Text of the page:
autism research

Autism Research: Finding the Cause and Cure

Autism research has come a long way, but not all of the research seems to be widely known. I recently read this great article on Immune Disorders and Autism. It states these little known facts that research has found:

autism research

  • Autism can be linked to pregnancy
  • In 1/3 of cases, it is linked to Immune Dysregulation
  • If a mother in the first trimester gets hospitalized for a viral infection, it can triple the odds
  • If a mother gets a bacterial infection in the second trimester, it can increase the odds by 40%
  • Inflammatory diseases in general have increased significantly in the past 60 years- As a group, they include asthma, now estimated to affect 1 in 10 children (at least double the prevalence of 1980) and autoimmune disorders, which afflict 1 in 20
  • A mother’s rheumatoid arthritis can elevate a child’s risk of autism by 80 percent
  • A mother’s Celiac disease increased the odds of autism 350 percent
  • Mothers of autistic children often have unique antibodies that bind to fetal brain proteins
  • A mother’s diagnosis of asthma or allergies during the second trimester of pregnancy increases her child’s risk of autism. So does metabolic syndrome, a disorder associated with insulin resistance, obesity and, crucially,low-grade inflammation. The theme here is maternal immune dysregulation
  • In population rife with parasites and acute infections, autism can be nearly nonexistent. Explaining why it seems to be growing in our civilized society
  • Asthma and Autism are more common in urban areas than rural; firstborns seem to be at greater risk; they disproportionately afflict young boys
  • Probiotics might help
  • More Research needs to be done
  • Please read the full article for more information
Related Articles to ‘Autism Research: Finding the Cause’

Autism and Obesity: the Links in Pregnancy

Autism Warning Signs: Early Detection

The Importance of Being a Father

4 thoughts on “Autism Research: Finding the Cause and Cure

  1. Ajijantay says:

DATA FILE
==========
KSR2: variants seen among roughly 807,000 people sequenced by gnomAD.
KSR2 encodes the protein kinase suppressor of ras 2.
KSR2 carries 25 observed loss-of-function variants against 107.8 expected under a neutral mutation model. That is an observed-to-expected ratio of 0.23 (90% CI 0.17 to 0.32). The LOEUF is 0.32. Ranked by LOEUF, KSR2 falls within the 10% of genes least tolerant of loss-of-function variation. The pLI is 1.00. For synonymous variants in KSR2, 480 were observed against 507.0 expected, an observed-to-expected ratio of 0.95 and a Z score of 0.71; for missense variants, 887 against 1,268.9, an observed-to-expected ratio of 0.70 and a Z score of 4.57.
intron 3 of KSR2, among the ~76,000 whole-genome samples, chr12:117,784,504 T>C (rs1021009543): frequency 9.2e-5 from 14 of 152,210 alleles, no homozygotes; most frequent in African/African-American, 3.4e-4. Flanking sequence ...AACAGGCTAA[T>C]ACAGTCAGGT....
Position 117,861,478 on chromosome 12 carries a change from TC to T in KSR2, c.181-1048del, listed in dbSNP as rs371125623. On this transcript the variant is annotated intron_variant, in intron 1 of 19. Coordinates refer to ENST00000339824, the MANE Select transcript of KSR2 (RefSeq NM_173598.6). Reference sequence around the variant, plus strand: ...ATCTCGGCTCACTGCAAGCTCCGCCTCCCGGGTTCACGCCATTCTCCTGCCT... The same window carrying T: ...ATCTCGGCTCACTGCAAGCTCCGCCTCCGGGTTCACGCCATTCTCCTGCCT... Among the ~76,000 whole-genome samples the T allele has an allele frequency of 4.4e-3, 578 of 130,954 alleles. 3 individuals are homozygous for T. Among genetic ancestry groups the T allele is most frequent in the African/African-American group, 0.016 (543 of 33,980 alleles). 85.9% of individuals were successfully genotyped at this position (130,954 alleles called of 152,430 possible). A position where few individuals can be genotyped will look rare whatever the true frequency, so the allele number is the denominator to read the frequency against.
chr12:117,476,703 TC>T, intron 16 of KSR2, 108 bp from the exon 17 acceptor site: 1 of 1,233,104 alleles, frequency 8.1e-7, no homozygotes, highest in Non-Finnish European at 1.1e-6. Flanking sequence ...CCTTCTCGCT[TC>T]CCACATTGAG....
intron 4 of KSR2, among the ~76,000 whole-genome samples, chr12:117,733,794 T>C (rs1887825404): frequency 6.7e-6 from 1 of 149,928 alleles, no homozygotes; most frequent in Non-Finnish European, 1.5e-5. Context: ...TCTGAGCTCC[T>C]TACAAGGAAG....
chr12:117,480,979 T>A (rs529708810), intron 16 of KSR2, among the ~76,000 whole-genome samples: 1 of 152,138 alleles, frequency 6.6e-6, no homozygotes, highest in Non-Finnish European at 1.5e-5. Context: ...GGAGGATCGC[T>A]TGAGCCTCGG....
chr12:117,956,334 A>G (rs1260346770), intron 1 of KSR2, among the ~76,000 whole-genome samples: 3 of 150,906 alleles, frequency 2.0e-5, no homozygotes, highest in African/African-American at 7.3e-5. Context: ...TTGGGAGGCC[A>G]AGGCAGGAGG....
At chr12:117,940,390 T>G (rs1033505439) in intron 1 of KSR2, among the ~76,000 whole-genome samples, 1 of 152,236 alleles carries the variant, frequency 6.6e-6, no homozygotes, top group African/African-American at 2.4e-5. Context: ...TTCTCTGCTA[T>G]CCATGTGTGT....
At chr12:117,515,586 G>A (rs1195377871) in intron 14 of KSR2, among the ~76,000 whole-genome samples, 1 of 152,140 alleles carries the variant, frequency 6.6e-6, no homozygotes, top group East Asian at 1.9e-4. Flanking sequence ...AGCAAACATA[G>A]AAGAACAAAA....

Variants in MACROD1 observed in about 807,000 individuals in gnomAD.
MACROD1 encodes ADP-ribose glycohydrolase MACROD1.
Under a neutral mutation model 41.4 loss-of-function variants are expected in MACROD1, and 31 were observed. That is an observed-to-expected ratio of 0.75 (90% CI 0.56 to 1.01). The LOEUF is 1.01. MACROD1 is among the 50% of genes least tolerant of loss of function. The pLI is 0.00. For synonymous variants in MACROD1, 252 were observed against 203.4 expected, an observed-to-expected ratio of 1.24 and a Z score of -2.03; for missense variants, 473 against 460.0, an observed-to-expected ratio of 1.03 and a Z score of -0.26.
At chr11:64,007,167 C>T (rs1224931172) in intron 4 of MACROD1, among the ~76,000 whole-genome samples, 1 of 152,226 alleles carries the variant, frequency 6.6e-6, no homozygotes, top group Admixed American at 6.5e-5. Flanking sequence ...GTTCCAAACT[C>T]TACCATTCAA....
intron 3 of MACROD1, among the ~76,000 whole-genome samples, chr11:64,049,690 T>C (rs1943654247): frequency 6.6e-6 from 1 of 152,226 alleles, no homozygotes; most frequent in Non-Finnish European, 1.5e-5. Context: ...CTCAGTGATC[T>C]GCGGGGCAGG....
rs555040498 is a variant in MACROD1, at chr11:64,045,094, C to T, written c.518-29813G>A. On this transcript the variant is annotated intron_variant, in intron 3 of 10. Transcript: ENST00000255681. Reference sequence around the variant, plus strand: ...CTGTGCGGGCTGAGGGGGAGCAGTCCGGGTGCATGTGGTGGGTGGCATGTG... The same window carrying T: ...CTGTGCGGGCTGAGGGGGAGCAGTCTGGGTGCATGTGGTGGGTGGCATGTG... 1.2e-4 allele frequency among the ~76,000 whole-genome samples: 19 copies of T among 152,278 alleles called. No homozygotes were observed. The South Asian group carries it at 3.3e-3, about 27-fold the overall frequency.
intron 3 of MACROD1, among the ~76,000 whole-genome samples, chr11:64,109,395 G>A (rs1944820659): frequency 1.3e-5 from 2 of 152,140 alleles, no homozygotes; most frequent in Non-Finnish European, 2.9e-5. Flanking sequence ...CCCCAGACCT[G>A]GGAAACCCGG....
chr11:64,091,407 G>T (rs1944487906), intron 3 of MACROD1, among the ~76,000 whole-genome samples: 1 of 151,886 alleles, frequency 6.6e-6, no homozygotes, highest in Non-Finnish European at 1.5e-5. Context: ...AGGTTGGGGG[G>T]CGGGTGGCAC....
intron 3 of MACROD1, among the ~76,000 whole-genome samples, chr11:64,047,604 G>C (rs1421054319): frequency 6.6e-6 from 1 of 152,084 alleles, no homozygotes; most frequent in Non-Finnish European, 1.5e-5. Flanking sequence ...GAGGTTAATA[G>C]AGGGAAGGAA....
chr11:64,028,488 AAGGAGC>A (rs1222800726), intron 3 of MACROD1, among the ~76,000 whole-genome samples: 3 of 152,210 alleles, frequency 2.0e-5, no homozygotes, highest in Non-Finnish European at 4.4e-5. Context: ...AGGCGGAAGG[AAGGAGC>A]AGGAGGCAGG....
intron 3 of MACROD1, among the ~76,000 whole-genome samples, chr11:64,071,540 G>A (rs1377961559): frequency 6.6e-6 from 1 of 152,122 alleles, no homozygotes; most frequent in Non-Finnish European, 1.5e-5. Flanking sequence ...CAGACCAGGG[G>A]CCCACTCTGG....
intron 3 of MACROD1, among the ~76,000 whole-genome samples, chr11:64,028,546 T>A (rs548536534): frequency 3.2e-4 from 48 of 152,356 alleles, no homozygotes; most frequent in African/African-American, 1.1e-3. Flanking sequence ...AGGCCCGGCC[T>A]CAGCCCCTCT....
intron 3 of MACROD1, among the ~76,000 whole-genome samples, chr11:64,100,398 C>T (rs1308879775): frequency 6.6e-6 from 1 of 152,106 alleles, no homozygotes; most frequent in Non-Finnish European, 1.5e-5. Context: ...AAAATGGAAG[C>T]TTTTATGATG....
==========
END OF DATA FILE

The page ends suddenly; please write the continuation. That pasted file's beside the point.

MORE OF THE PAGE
I just want to say, I absolutely LOVE reaidng all of your entries.This is my answer:Autism, to me, is a part of who my child is… for better or worse, beautiful or ugly. Yes it causes extreme temper tantrums, misunderstandings, dietary issues and more… but it also shows me a side of life that I would have never seen before otherwise. A whole new profound way of looking at the world.Autism makes it very hard for my child to know what other people may be thinking… a look on their face and body language aren’t enough. Autism also makes it very hard for my child to understand the concept of time. To tell me about a year ago, he refers to it as “a lot yesterday”.It’s because of Autism that my son will kick and throw things as he enters a rage filled meltdown that is completely beyond his control.Probably what hurts most, however, is the looks and comments and judgments that others make while we’re in public. Whether it be a meltdown at a grocery store or even a physical activity where my son clearly isn’t as “in control” as the other children. Being different, to most people, is a negative thing.It’s for this reason, that Autism to me, has become my purpose. Actually, my son (both of my boys to be honest) are more important than Autism itself, but they’ve given me my purpose in life… to not just raise awareness of Autism but to try to help others to understand it better and to accept those that have it.Perhaps if I can reach enough people, those looks and comments and judgments will begin to go away. If I can reach people in my own community, I can help people accept my child.. if I can reach people around the world.. I can help many children.And not just children… but teenagers in high school that are being bullied or even beaten… and adults too that may still be living with their parents or at the very least, struggling at keeping jobs and a social life.Since my son has been born, and more so, since we’ve received his diagnosis, I’ve learned so very much about Autism and yet I still have far far more to learn.And this is my meaning in life… this is my purpose.Not to change my child because my child is wonderful, amazing and every bit as deserving of a everything that you and I have as we are.My purpose is to change the world around him… by talking to anyone that will listen. By giving them just a little bit more understanding… and hopefully, helping them to accept my son and everyone else with Autism.That’s what Autism is to me.

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